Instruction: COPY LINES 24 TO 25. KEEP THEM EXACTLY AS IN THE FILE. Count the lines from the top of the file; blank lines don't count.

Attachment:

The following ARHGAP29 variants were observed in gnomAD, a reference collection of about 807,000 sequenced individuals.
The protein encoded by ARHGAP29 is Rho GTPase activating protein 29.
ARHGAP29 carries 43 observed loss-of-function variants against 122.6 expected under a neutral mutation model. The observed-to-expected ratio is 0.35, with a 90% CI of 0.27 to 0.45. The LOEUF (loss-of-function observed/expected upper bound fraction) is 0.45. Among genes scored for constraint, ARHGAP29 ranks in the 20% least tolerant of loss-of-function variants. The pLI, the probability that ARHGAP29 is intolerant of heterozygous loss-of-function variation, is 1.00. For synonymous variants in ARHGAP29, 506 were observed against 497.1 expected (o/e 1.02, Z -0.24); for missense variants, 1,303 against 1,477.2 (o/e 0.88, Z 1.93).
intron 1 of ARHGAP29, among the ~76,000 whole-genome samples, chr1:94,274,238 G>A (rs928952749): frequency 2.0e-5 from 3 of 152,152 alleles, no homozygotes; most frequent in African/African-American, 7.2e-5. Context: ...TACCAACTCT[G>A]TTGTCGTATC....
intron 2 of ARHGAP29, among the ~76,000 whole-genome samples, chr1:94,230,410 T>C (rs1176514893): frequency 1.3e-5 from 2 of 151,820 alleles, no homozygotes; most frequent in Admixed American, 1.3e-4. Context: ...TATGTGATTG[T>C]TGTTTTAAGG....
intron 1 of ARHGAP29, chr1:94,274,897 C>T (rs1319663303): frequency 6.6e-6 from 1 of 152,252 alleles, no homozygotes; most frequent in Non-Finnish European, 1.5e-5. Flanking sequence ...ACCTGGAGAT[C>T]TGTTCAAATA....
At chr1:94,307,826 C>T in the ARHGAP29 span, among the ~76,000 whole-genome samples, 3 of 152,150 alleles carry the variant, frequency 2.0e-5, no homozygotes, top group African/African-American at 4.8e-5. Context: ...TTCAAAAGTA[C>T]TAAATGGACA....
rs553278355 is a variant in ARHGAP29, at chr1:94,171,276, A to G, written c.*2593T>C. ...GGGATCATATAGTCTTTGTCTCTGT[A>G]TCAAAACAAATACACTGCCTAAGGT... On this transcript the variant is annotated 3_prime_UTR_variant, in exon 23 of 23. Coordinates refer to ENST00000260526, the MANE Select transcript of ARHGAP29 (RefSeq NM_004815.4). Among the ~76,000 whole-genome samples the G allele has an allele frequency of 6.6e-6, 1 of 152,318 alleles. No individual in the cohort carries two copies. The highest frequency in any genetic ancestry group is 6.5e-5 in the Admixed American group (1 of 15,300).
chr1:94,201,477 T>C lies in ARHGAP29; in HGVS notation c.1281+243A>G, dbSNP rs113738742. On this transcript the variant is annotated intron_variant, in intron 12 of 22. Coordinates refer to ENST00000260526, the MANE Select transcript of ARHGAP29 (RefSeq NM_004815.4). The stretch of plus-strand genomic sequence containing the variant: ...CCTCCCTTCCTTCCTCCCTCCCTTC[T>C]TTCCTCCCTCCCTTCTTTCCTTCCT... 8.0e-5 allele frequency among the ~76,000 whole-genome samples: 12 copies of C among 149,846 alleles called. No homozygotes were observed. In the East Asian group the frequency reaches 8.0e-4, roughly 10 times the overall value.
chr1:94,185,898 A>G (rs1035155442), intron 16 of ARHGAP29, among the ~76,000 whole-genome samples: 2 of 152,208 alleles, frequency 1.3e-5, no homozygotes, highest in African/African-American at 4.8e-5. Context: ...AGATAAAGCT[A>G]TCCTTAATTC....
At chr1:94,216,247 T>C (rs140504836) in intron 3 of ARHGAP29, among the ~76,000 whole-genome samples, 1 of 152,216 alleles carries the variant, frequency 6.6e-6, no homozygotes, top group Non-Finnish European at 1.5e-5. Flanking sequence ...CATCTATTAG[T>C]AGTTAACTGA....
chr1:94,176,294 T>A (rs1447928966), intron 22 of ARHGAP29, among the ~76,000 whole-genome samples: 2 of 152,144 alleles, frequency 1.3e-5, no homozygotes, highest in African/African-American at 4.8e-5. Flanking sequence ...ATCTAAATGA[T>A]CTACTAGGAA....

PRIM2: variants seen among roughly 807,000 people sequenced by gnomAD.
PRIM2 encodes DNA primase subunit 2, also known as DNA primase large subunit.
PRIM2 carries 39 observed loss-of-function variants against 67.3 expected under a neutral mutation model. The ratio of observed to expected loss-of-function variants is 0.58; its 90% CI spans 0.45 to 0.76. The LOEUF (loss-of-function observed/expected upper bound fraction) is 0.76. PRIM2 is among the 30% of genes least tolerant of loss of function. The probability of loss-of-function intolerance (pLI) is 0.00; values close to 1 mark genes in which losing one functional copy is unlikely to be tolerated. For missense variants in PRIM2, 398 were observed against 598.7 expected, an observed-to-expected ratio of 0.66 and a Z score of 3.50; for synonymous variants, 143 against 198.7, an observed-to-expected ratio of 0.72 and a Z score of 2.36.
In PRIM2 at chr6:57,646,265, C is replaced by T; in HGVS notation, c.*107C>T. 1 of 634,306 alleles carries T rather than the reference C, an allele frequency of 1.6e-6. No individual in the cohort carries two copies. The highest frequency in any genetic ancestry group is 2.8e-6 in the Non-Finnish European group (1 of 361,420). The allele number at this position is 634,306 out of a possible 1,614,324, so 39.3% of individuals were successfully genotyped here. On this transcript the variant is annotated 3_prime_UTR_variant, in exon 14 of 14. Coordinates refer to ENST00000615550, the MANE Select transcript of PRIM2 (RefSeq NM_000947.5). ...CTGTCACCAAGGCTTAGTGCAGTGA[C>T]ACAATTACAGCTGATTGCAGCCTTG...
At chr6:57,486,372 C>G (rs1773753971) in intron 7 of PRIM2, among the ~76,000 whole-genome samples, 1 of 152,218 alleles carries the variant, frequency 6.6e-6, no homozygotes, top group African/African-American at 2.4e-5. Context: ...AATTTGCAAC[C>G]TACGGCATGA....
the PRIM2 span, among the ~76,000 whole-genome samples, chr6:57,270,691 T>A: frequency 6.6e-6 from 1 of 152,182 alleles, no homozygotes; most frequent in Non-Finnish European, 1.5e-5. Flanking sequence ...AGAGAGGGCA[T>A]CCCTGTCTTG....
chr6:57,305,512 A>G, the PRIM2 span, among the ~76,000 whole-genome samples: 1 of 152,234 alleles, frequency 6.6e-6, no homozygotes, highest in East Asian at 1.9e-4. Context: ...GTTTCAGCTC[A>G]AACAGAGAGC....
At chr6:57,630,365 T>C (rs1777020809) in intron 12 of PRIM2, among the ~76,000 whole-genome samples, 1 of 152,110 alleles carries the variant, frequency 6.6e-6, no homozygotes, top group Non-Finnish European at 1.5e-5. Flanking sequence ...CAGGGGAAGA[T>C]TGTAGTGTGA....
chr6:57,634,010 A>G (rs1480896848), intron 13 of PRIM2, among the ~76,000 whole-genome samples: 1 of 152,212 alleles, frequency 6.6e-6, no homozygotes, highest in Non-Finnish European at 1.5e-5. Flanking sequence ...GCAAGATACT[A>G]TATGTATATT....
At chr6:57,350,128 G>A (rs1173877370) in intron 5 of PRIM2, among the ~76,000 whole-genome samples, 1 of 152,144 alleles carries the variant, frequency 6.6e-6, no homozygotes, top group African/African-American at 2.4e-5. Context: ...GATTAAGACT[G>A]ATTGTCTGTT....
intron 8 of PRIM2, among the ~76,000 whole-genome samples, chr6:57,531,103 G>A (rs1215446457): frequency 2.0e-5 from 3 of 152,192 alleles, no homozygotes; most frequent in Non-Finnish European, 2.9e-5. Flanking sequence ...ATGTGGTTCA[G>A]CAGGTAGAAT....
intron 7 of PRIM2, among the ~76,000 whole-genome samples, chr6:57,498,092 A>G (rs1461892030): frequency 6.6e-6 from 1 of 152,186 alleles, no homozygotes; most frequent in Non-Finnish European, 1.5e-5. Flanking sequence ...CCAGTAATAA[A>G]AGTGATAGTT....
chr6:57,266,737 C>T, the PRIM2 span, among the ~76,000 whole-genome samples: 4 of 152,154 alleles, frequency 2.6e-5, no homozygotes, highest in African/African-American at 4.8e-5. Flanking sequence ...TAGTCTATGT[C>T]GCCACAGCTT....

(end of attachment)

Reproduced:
intron 7 of PRIM2, among the ~76,000 whole-genome samples, chr6:57,498,092 A>G (rs1461892030): frequency 6.6e-6 from 1 of 152,186 alleles, no homozygotes; most frequent in Non-Finnish European, 1.5e-5. Flanking sequence ...CCAGTAATAA[A>G]AGTGATAGTT....
chr6:57,266,737 C>T, the PRIM2 span, among the ~76,000 whole-genome samples: 4 of 152,154 alleles, frequency 2.6e-5, no homozygotes, highest in African/African-American at 4.8e-5. Flanking sequence ...TAGTCTATGT[C>T]GCCACAGCTT....